‘I believe that I can win a national election,’ Sarah Palin declared one recent evening, sitting in the private dining room of a hotel in rural Iowa. The occasion for her visit to quintessential small-town America was a gathering of the faithful that would have instantaneously erupted into a fervent campaign rally had she but given the word. Instead, it had been another day on the non–campaign trail, this one capped by a sweet victory: she had just attended the premiere of a glowingly positive documentary about her titled The Undefeated.
“The people of America are desperate for positive change, and deserving of positive change, to get us off of this wrong track,” she told me during a conversation that lasted late into the night and, inevitably, kept returning to the subject that has titillated the media and spooked Republican presidential contenders for months: her political intentions. “I’m not so egotistical as to believe that it has to be me, or it can only be me, to turn things around,” she said. “But I do believe that I can win.”
Turning to the political landscape, Palin said that President Obama is beatable in 2012, and that there are “many, many qualified and able candidates out there” to take him on.
Asked what was to be made of the fact that so many Republicans were looking beyond the field of declared candidates to people like herself, and Govs. Rick Perry and Chris Christie, Palin said, “It suggests that the field is not set. Thank goodness the field is not yet set. I think that there does need to be more vigorous debate. There needs to be a larger field. And there’s still time. There’s still months ahead, where more folks can jump in and start articulating their positions.”
Newsweek also spoke with Iowa Organize4Palin volunteers, Peter Singleton and Michelle McCormick:
“She did not sit out the Tea Party,” says Peter Singleton, who is perhaps the archetype of the Palin true believer, a Palo Alto, Calif., attorney who picked up and moved to Iowa to begin organizing for what he believes will be a Palin run for the presidency. Singleton has been in Iowa for eight months, meeting with Republican leaders in every corner of the state and building a network of volunteers. He has never met Palin.
It was Singleton who was Bannon’s man on the ground for the Pella event, producing a crowd from the list of names he has amassed. He has undertaken the Iowa mission on his own dime. Asked how he finances his effort, he replied, “You burn through your savings.”
At Singleton’s side in Pella was another such Palin volunteer, Michelle McCormick, who has become a familiar face in Iowa, even though she lives and works in the Dallas–Ft. Worth area. She so believes in the Palin enterprise that she travels to Iowa every weekend to work the Republican precincts with Singleton. “I don’t even have a plant in my apartment so I can do this,” she says. “I have no social life. But I’ve met a lot of friends … It’s just different.”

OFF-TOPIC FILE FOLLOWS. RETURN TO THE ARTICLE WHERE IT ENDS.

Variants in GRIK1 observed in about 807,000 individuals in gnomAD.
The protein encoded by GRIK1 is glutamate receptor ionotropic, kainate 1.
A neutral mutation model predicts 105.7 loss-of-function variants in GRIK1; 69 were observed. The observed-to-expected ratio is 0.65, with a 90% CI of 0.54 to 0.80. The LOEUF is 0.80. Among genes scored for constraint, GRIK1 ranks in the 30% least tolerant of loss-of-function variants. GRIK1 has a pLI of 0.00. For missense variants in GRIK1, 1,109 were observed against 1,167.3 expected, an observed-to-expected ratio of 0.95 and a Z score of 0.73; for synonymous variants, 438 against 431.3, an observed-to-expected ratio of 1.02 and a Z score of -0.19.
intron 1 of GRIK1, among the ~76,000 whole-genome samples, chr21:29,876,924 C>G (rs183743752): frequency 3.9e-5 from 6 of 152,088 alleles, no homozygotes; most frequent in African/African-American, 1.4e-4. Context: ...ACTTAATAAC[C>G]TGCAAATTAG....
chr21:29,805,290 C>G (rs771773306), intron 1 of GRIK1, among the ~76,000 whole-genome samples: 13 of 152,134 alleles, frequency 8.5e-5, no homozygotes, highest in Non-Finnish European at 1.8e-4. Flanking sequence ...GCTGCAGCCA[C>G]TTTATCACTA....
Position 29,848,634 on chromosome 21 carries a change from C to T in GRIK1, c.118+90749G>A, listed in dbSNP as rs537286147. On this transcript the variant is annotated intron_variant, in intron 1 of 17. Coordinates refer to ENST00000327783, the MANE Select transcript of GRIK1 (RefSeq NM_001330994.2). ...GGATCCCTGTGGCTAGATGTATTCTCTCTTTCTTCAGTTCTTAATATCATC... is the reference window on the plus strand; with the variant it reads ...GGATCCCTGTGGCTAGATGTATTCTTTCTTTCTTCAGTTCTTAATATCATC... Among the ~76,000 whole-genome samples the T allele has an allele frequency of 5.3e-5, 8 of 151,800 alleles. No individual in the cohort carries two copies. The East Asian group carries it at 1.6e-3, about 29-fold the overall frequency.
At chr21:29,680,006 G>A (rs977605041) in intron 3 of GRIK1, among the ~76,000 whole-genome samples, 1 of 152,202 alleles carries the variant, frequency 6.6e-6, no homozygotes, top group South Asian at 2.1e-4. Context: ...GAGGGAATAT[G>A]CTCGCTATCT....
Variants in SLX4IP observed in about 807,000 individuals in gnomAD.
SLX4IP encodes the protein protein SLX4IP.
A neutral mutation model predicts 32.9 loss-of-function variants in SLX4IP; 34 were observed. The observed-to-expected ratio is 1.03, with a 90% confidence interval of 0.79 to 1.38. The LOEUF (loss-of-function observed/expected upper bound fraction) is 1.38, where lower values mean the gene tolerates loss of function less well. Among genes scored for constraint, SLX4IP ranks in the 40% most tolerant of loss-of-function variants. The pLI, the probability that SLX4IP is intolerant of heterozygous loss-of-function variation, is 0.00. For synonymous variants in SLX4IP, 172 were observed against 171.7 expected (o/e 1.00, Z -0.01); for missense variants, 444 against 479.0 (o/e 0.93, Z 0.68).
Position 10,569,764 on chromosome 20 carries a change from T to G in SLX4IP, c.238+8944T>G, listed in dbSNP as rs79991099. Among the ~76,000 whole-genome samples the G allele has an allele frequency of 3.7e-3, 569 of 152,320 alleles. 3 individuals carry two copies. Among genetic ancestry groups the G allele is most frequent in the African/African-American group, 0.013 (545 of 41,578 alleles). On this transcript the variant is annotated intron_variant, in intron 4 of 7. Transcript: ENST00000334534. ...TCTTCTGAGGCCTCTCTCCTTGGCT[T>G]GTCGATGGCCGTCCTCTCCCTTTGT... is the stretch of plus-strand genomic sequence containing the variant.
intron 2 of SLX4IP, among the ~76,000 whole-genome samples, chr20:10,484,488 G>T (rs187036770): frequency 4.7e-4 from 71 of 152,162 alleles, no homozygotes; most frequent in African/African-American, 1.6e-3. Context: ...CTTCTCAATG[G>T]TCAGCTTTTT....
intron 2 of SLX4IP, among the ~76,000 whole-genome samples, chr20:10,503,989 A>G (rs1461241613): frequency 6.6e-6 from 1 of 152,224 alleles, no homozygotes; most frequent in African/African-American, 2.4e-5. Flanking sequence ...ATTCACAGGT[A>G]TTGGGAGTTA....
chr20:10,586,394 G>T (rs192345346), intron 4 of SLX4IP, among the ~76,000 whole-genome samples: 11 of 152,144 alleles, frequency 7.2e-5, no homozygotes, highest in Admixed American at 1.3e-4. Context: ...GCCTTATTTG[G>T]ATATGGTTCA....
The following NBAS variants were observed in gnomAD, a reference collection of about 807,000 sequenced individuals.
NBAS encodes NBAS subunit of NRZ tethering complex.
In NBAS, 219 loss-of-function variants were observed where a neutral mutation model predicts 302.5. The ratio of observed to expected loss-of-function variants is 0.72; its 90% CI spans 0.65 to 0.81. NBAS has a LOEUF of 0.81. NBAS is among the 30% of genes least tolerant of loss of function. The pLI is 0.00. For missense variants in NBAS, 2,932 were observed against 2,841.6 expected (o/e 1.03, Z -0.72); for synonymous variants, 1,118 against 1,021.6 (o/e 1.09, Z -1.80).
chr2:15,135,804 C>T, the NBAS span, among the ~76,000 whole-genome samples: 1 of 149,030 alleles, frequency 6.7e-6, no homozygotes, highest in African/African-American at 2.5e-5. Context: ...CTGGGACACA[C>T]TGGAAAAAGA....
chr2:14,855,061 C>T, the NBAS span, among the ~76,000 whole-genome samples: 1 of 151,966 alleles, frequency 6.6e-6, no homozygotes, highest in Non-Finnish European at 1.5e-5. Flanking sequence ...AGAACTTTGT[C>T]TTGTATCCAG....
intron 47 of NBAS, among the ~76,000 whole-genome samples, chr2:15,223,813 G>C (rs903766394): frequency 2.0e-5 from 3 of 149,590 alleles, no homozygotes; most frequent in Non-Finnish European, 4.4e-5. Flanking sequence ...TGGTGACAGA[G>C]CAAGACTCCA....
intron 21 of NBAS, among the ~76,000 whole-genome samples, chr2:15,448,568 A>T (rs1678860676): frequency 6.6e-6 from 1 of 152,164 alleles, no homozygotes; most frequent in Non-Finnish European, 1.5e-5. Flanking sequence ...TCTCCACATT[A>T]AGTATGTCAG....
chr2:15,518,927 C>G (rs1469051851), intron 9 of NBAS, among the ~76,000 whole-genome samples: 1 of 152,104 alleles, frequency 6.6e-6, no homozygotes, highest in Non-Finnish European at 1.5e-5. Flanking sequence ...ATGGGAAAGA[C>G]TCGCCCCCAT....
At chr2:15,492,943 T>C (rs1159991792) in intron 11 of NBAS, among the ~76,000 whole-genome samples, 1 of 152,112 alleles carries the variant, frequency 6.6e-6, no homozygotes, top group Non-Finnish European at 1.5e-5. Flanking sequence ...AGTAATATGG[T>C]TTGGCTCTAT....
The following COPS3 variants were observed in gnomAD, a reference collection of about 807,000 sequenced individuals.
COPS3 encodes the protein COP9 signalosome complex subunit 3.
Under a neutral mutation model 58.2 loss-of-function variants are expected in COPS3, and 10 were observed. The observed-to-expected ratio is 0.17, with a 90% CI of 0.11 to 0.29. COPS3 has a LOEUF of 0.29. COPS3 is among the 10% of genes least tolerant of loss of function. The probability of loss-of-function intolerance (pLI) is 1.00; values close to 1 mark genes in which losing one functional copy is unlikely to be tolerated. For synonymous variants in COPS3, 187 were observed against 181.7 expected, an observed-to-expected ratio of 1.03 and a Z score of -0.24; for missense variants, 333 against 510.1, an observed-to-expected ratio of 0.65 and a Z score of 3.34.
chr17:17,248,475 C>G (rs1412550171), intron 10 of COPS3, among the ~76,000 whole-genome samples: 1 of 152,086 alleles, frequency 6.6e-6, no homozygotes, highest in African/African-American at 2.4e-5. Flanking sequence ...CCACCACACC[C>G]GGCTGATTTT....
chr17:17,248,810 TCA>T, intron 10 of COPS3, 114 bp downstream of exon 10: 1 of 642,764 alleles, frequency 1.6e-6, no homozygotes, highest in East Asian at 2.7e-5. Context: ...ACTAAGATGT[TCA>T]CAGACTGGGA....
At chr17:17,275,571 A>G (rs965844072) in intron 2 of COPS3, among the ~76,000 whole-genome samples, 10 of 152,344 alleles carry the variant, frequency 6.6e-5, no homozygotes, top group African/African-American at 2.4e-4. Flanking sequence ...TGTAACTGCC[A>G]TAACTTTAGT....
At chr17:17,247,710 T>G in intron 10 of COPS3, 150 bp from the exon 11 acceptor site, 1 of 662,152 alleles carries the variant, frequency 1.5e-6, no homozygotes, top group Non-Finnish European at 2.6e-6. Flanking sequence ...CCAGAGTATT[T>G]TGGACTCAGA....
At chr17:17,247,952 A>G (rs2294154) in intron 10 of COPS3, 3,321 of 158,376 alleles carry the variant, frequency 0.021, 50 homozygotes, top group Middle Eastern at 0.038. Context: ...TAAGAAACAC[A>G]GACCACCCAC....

Singleton and McCormick firmly believe that Palin will run, and that it is their task to prepare the way for her. And, Singleton is certain, Palin will be ready, too. “Governor Palin has people who are providing policy research, and that’s how she’s producing these pithy analyses of policy issues,” he says. “You might say, ‘Well, they don’t sound like policy-wonk, nine-page white papers from the IMF.’ Well, yeah. That’s by design.”
In her discussion of spending, the debt ceiling, and inflation, Governor Palin exhibits the practical, common sense understanding of policy that Singleton refers to:
Back in the private dining room in Pella, Palin shared some of those policy positions. On the debt ceiling, she takes the hardline view. “It is not the apocalypse,” she said, and questioned the need for the urgent negotiating sessions Republicans and Democrats were conducting in search of a debt-limit agreement (ongoing at press time). “The fact is that we have $2.6 trillion in revenue coming in, and if we just use some common sense there—take that revenue, service the debt first, take care of national priorities—we don’t have to increase debt.”
Such an approach would require some drastic spending cuts, of the sort that can become politically uncomfortable for Republicans. Palin said bring it on. “There is so much spending that is not a priority for national security or for those constitutionally mandated services and accepted services that the public wants to see their federal government provide—take care of those things,” she said. “Everything else is going to have to wait, and that’s just reality.” She would like to revamp, or even eliminate, whole agencies—the Department of Energy, for example—as Reagan once spoke of doing. “That’s the kind of grand reform that is very, very difficult to do. But it can be done.”
Palin made it clear that she’s against any deal that raises the debt ceiling and would hold House Speaker John Boehner’s feet to the fire if he agreed to one. “No, we have to cut spending. It is imperative, and I will be very, very disappointed if Boehner and the leaders of the Republican Party cave on any kind of debt deal in the next couple of months.”
Palin has also become conversant on the subject of quantitative easing, the inflationary effects of which she illustrated with a personal anecdote. “I was ticked off at Todd yesterday,” she said. “He walks into a gas station as we’re driving over from Minnesota. He buys a Slim Jim—we’re always eating that jerky stuff—for $2.69. I said, ‘Todd, those used to be 99 cents, just recently!’ And he says, ‘Man, the dollar’s worth nothing anymore.’ A jug of milk and a loaf of bread and a dozen eggs—every time I walk into that grocery store, a couple of pennies more…”
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